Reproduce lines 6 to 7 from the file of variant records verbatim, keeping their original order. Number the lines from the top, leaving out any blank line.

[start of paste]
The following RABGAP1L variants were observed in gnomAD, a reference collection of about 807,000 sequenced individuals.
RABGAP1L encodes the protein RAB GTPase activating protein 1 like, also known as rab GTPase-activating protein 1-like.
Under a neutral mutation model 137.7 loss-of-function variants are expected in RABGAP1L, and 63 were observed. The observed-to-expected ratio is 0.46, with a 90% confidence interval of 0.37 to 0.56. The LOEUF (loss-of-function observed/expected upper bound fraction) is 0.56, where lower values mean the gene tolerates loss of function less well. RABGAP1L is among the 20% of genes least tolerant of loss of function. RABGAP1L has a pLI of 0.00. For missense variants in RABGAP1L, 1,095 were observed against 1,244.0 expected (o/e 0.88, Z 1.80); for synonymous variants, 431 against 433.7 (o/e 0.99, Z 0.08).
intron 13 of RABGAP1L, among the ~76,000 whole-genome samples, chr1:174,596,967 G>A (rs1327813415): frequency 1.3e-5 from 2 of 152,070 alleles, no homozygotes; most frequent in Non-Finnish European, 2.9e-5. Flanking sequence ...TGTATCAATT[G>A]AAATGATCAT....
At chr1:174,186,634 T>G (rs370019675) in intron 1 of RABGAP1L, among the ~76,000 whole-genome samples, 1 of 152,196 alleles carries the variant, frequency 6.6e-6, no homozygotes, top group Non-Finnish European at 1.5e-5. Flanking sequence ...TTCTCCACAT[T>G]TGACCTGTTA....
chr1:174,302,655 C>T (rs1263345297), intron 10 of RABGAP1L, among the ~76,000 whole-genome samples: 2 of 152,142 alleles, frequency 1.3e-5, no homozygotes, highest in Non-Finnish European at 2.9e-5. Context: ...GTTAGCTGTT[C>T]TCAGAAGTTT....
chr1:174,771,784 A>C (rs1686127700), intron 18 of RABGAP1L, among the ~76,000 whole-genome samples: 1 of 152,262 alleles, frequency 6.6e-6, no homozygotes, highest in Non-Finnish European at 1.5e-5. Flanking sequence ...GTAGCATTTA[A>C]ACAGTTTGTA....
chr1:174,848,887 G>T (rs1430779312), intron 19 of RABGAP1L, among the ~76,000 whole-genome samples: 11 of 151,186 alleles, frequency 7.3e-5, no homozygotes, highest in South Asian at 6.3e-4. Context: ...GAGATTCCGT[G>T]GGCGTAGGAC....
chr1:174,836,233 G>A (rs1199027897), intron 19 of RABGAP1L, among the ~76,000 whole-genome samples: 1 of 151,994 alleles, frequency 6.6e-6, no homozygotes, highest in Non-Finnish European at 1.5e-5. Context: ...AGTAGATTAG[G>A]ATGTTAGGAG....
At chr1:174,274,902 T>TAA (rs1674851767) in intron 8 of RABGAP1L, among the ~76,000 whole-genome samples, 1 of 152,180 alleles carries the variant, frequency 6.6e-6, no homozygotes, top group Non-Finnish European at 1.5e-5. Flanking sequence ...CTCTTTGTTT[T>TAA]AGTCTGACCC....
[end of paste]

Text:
chr1:174,302,655 C>T (rs1263345297), intron 10 of RABGAP1L, among the ~76,000 whole-genome samples: 2 of 152,142 alleles, frequency 1.3e-5, no homozygotes, highest in Non-Finnish European at 2.9e-5. Context: ...GTTAGCTGTT[C>T]TCAGAAGTTT....
chr1:174,771,784 A>C (rs1686127700), intron 18 of RABGAP1L, among the ~76,000 whole-genome samples: 1 of 152,262 alleles, frequency 6.6e-6, no homozygotes, highest in Non-Finnish European at 1.5e-5. Flanking sequence ...GTAGCATTTA[A>C]ACAGTTTGTA....